Creative Director Pierpaolo Piccioli does not shy away from reflecting on what the heyday of Haute Couture could look like in today’s globality, and furthermore one in which China is key for the luxury industry. Fashion needs to be “plural”.

valentino haute couture benjing, the daily couture, stéphanie bui

In Beijing, on November 7th, the Haute Couture show celebrating the opening of the Valentino store on Sanlitun Road was nothing short of a tour de force. Both mastering heritage craftsmanship and cultural savviness, the Valentino Haute Couture Beijing event infused today’s fashion scene with a kind of second renaissance in creativity with one much needed skill: the savoir-faire or know-how of inclusivity, referring here to a Chinese audience, gathered under the arcades of the Summer Palace — a masterpiece of Chinese landscape garden design, Unesco mentions, and a royal palace in later Qing Dynasty, only secondary to Forbidden City. 

valentino haute couture beijing the daily couture stephanie bui

Numbers speak for themselves indeed: Chinese luxury spending is expected to double to 1.2 trillion renminbi by 2025, delivering 65 percent of growth in the market globally, or so suggests a report by the consulting McKinsey, published in April 2019, and titled How young  Chinese consumers are reshaping global luxury. “Imbued with the confidence to spend, underpinned by a lifetime watching new skyscrapers rise in tandem with their family incomes, young Chinese consumers in particular are eager to tap luxury as a means of social advancement and self-differentiation”, analysts comment.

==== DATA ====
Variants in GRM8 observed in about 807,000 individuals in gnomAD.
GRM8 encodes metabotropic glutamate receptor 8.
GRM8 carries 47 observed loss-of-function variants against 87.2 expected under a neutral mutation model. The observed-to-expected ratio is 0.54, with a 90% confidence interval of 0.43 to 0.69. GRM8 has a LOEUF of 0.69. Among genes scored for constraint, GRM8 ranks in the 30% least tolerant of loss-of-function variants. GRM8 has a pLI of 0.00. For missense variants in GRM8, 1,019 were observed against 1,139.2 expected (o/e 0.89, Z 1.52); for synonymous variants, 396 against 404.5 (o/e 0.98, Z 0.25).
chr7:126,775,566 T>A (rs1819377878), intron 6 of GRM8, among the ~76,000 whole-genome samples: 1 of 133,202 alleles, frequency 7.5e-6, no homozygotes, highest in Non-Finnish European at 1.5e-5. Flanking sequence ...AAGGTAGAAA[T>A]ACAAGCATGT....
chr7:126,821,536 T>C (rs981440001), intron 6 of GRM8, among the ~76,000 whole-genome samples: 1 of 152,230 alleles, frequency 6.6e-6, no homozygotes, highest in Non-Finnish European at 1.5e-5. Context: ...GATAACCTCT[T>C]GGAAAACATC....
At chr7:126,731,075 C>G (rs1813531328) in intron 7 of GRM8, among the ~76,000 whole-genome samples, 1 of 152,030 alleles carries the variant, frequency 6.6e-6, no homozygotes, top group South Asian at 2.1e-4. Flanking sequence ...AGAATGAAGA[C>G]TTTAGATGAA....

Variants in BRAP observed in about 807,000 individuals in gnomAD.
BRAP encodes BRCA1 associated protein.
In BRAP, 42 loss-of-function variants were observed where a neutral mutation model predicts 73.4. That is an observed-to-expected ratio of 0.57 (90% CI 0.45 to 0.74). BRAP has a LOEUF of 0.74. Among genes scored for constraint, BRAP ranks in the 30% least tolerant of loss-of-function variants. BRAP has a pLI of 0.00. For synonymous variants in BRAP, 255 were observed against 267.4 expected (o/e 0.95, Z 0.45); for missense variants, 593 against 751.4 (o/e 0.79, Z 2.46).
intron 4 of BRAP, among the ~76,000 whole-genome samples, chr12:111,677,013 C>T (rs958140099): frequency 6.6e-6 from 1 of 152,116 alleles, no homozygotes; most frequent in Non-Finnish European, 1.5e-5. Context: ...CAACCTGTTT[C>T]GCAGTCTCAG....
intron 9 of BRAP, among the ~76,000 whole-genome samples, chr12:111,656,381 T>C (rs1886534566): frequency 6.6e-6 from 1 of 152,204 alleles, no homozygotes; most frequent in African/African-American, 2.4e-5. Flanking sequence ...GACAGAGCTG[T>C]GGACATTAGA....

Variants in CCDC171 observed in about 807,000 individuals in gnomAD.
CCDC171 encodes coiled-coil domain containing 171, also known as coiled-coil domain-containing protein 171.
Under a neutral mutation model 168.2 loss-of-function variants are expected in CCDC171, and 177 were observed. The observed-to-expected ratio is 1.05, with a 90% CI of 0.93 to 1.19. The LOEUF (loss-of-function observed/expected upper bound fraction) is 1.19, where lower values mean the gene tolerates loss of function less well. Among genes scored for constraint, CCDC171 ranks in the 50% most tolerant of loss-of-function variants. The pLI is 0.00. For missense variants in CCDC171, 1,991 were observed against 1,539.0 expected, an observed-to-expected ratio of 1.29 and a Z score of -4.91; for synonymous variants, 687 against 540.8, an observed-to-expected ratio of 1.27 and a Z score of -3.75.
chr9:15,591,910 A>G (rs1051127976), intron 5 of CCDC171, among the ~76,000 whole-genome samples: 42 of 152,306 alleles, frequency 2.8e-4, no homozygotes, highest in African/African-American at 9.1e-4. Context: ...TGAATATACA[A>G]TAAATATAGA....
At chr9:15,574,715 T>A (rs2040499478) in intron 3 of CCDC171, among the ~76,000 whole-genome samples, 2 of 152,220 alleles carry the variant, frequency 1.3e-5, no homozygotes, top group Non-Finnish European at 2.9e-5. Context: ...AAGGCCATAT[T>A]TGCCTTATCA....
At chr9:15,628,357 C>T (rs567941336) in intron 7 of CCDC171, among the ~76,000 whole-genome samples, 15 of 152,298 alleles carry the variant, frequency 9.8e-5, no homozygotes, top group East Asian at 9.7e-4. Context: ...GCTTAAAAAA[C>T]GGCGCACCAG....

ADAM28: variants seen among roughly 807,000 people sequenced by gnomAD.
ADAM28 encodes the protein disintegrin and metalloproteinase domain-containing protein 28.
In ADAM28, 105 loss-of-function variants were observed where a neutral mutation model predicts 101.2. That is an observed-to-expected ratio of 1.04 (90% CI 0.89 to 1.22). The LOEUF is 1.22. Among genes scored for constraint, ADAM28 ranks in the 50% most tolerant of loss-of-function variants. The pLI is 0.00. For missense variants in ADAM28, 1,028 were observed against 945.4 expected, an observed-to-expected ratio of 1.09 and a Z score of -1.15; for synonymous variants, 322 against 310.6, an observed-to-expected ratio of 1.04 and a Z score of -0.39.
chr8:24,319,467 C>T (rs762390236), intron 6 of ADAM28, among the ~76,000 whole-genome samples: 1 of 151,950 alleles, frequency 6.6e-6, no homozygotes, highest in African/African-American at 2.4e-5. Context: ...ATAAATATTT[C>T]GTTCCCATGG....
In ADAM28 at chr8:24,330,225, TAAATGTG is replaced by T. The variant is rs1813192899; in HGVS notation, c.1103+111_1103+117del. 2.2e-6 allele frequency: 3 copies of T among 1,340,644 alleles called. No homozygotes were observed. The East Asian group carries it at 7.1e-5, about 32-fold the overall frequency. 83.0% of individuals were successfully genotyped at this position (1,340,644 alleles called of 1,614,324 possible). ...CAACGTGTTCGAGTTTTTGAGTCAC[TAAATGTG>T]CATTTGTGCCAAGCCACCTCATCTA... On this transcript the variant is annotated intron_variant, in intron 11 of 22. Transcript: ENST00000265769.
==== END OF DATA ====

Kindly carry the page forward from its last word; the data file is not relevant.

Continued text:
And Valentino’s titled “Daydream” Haute Couture show might just have fulfilled that desire felt by the Chinese attendance of the show, and whose consuming habits remain one of the hot potatoes within the industry. To its Chinese public, Valentino offers “an opulence of diversity (…). Embracing such richness means to act in an inclusive way. (…) Plural is the byword, with an unmistakably Italian spirit and an all-defining Couture flair and savoir faire”, comments the Haute Couture house. The Chinese influence of the collection was unveiled by the pureness of the volumes “amplified by the richness of the surfaces and the reds, golds, emerald greens, pinks, whites and blacks combine in a soigné palette that reconnects Italian painting with Chinese art”. Self-assured silhouettes were made of rich fabrics, of an outpouring of daring craftsmanship, accessories and make-up, composing an extraordinary visually and theatrical composition where “the Italian spirit of the Renaissance meets the opulence of the Chinese splendor”.

One could say,  an artwork, full of emotion that may remind of the show that took place in May, 1993, when Mr. Valentino himself staged a special fashion show in the once-Forbidden City.  From his first ever trip to China, he then confided: “I saw a collection of old Chinese costumes, and it was one of the great emotional moments of my life.”And still history goes on today. 

valentino haute couture beijing, the daily couture, stephanie bui

photos courtesy of Valentino





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